Former TreeHugger Prez Ken said a few months ago: "3D printing right now feels like computers did in the late seventies, an explosion of creativity and building in garages and basements, just waiting for the killer app." But Cory at boingboing points to a post by Anil Dash that makes some very good points about what it will take to get it out of the garage. Some of the most interesting:
Stop Making Altairs, the first successful kit computer.
Today, most 3D printing hardware feels closer to a kit that needs to be assembled than it does to a finished product, and even though you can order pre-assembled devices, the fit-and-finish of the hardware hasn't made the leap that Apple did between the Apple I and the Apple II. I'm sure this will happen soon, but it's the biggest obstacle to wider adoption of 3D printing.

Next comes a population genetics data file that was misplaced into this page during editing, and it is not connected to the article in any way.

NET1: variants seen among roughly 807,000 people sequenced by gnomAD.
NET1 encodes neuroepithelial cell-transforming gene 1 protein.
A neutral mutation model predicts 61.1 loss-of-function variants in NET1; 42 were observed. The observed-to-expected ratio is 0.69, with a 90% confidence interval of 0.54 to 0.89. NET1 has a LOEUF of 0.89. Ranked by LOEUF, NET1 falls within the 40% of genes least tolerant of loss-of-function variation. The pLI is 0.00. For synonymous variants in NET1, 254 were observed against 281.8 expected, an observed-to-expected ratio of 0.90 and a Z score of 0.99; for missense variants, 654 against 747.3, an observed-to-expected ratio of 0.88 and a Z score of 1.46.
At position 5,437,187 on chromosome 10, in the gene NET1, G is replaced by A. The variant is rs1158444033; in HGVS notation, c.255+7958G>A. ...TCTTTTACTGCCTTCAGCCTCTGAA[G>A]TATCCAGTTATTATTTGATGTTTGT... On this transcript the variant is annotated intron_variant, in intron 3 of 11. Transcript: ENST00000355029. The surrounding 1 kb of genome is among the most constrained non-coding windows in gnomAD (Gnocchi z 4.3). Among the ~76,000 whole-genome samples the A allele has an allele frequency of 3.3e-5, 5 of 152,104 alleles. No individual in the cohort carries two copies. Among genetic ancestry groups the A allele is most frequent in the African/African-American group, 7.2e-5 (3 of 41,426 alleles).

A Service, not an Ink Scam. Dash bemoans the state of 2D printing, and warns the 3D industry not to follow in its footsteps.
Most interestingly, He thinks the next big thing might be to market it as a teleporter.
Every 3D printer should seamlessly integrate a 3D scanner, even if it makes the device cost much more. The reason is simple: If you set the expectation that every device can both input and output 3D objects, you provide the necessary fundamentals for network effects to take off amongst creators. But no, these devices are not "3D fax machines". What you've actually made, when you have an internet-connected device that can both send and receive 3D-printed objects, is a teleporter.
Read it all at Anil Dash: A blog about Making Culture
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